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Birr - Identifying Critical Portions of the Landscape
 

Birr - Identifying Critical Portions of the Landscape

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  • Critical area = disproportionate flow/loads. Nothing new have used HEL for targeting purposes, etc but largely based on qualitative interpretations, this enables us to establish a standardized approach that can be quantified. Also identifies areas that may not be necessary to change management practices. Index not used for quantitative predictions but rather establish relative differences and aid in targeting and increase efficiency of limited conservation dollars.
  • This includes features such as gullies. It is believed that LIDAR data will eventually become available statewide over time.

Birr - Identifying Critical Portions of the Landscape Birr - Identifying Critical Portions of the Landscape Presentation Transcript

  • Identifying Critical Portions of the Landscape for Water Quality Protection Using Terrain Attributes Jake Galzki, David Mulla, Joel Nelson Department of Soil, Water, and Climate University of Minnesota Adam Birr and Kevin Kuehner Minnesota Department of Agriculture
  • Terrain Analysis - DEM
    • Use of a (Digital Elevation Model) DEM to model the landscape.
    • Quantitative approach to representing features on the landscape.
    • Accurately characterize large areas quickly.
    • Describe, analyze, and interpret any topographically-related feature: soils, vegetation, wildlife, etc.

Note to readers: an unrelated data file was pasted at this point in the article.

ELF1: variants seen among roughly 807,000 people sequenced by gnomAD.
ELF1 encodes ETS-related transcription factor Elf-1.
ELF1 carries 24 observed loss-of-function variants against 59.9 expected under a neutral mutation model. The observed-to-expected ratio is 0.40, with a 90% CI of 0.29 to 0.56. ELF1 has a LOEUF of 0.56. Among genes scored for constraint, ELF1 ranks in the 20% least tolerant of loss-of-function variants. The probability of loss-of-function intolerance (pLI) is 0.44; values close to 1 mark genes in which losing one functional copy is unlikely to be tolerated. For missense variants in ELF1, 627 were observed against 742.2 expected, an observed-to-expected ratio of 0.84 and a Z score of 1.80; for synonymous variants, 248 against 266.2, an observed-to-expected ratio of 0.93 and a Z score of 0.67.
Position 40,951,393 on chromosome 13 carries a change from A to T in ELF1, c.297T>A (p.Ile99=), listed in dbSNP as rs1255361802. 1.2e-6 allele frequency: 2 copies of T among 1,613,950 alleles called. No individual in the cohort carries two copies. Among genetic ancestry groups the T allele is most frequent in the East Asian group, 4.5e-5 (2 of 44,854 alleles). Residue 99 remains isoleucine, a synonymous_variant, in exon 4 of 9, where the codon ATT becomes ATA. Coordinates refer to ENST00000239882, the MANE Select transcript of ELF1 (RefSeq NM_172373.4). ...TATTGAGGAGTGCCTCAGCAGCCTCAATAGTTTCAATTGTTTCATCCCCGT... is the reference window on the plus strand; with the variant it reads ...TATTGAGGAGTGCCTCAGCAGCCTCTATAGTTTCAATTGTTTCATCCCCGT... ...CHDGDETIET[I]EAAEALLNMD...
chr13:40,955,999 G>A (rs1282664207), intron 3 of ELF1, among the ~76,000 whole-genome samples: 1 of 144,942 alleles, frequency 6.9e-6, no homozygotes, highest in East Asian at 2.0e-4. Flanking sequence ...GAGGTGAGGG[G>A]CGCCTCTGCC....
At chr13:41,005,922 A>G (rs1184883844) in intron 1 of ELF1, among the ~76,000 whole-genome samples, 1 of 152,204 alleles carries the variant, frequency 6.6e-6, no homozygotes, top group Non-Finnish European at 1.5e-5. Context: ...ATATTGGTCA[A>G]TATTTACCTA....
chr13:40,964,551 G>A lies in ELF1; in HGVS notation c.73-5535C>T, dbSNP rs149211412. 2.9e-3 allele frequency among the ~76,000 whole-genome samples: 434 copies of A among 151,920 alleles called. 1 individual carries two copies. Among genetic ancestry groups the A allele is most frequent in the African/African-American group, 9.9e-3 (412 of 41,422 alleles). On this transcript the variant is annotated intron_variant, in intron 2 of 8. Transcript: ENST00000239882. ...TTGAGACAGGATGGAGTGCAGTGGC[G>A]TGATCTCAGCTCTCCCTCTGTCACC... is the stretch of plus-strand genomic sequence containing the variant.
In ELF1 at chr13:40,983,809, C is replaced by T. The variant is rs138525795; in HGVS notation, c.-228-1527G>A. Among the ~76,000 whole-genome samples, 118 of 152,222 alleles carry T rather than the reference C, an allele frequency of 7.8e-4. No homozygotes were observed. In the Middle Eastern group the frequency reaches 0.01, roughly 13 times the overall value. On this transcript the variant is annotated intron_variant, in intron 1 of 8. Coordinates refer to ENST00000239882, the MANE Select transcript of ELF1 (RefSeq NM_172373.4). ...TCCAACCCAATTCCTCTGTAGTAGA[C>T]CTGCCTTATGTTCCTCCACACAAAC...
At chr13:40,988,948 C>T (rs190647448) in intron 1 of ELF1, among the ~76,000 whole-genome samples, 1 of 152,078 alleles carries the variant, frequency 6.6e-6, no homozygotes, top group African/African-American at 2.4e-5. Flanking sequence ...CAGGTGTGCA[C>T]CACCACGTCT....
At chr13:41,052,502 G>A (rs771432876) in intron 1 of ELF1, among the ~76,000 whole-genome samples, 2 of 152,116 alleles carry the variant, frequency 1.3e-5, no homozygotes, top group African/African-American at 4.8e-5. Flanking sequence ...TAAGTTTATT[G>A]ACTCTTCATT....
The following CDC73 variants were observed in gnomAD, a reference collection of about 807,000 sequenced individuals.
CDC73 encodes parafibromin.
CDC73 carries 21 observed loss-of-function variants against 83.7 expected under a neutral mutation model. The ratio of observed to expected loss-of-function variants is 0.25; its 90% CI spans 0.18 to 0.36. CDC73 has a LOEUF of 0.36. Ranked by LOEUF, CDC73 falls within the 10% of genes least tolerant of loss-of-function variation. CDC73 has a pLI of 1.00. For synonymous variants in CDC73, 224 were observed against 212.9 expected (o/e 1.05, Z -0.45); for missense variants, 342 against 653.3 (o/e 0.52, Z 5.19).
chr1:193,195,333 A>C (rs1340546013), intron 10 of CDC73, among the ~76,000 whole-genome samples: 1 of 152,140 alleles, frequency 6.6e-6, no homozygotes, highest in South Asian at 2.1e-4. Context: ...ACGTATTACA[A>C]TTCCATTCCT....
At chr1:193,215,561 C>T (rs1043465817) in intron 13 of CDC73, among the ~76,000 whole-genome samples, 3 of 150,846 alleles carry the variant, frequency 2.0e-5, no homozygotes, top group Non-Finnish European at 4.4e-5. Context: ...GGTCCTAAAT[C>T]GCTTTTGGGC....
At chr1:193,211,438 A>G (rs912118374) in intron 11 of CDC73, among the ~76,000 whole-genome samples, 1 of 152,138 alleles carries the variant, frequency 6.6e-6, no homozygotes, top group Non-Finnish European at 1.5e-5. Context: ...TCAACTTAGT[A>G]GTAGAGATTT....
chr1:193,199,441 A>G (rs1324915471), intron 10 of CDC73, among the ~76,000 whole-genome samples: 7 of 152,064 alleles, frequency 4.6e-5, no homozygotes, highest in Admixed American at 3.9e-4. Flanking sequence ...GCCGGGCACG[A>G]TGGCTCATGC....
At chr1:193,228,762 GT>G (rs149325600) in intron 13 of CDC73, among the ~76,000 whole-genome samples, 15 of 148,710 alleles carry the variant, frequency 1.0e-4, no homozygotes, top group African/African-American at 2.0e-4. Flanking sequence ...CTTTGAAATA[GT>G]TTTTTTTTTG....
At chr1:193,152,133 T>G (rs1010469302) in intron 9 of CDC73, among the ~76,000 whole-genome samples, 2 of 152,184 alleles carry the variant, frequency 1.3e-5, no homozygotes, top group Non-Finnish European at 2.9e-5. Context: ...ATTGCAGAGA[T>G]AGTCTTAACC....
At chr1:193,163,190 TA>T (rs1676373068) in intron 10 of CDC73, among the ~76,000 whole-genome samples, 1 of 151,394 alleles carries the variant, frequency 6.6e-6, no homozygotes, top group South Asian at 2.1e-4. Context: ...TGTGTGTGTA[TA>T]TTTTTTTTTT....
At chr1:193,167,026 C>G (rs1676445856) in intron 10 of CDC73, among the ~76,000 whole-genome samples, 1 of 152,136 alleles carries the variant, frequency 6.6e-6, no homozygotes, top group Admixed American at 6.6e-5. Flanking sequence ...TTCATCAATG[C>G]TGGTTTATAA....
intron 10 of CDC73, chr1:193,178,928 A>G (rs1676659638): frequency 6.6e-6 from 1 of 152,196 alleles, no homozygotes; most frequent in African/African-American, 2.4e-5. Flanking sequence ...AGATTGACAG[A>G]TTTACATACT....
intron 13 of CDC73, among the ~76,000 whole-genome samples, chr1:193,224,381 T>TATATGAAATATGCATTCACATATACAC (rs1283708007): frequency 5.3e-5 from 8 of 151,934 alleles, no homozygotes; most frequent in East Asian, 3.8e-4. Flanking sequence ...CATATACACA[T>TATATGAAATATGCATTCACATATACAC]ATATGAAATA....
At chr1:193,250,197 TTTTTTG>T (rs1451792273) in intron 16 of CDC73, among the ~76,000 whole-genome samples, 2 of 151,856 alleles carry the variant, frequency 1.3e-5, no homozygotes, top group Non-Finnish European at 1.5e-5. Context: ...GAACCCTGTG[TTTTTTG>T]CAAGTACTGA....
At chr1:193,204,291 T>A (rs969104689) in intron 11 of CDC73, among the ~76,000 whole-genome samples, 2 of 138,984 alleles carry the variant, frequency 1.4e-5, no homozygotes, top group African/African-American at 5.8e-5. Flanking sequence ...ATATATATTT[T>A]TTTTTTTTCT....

• Digital Terrain Analysis Overview Example Point Elevations with GPS DEM Terrain Attributes Spatial Interpolation Attribute Calculation
  • Terrain Attributes
    • Divided into primary and secondary (compound) attributes.
    • Primary attributes are calculated directly from the elevation data.
      • Examples: Aspect, slope, catchment area, profile curvature, etc.
    • Compound attributes involve combinations of primary attributes and are indices that describe the spatial variability of specific process occurring in the landscape such as the potential for sheet erosion (Moore et al., 1991).
      • Examples: Wetness index, Stream power index, etc.
  • Slope Gradient Primary
    • Describes overland and subsurface flow velocity and runoff rate.
    • Slope quantifies the maximum rate of change in value from each cell to its neighbors.
  • Slope Blue Earth County Minnesota Beauford Sub-Watershed High Low
  • Slope Curvature Primary
    • Plan Curvature: measured perpendicular to the direction of descent.
    • Describes converging/diverging flow.
    • Profile Curvature: measured in the direction of maximum descent or aspect direction.
    • Measure of flow acceleration, erosion/deposition rate.
  • Plan Slope Curvature Profile Convex Concave
  • Specific Catchment Area (SCA) Primary
    • Measure of surface or shallow subsurface runoff at a given point on the landscape.
    • Combines the effects of upslope surface drainage area and convergence of runoff.
  • Stream Power Index (SPI) Secondary
    • Measure of the erosive power of overland flow.
    • Combines specific catchment area with slope.
    • Steep slope with large drainage areas result in a high value for SPI.
      • Indicator of where gullies may form in a field.
  • Terrain Analysis Applications
    • Why do we care, and what can we do with it?